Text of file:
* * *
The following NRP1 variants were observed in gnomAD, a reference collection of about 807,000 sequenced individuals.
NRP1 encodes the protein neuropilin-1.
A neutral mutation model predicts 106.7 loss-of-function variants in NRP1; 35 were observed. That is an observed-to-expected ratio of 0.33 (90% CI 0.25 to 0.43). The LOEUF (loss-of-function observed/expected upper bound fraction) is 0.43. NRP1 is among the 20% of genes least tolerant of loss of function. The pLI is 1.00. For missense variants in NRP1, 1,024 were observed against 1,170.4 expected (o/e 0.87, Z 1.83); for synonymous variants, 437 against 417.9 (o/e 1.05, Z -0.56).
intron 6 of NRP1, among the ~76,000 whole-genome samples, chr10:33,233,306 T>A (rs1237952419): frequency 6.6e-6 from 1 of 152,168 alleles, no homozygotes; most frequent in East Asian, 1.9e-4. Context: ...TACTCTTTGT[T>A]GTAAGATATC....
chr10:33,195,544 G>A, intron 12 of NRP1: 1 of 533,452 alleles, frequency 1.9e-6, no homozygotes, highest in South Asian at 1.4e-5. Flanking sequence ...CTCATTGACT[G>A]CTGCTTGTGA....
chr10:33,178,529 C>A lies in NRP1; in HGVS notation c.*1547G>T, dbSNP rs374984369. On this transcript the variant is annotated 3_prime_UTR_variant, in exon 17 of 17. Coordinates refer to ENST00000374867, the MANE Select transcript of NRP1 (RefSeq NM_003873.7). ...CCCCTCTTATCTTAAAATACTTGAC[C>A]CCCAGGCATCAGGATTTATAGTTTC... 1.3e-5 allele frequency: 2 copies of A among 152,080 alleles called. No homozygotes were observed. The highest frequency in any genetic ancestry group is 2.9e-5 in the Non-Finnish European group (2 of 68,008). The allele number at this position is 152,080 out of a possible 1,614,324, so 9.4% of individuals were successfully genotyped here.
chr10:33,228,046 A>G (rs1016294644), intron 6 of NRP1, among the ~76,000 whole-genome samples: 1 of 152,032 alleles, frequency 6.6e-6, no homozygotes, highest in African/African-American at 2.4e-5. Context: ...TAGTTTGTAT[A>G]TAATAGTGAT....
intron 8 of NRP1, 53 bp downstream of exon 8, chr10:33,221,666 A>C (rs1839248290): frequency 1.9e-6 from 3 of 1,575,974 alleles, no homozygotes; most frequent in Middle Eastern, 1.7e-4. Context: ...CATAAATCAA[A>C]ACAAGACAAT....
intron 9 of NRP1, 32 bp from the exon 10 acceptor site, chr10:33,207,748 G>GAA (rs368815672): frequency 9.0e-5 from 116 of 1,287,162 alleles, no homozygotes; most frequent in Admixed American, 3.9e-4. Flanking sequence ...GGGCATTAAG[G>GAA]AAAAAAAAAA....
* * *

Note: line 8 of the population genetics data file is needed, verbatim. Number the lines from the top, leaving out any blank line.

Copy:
intron 8 of NRP1, 53 bp downstream of exon 8, chr10:33,221,666 A>C (rs1839248290): frequency 1.9e-6 from 3 of 1,575,974 alleles, no homozygotes; most frequent in Middle Eastern, 1.7e-4. Context: ...CATAAATCAA[A>C]ACAAGACAAT....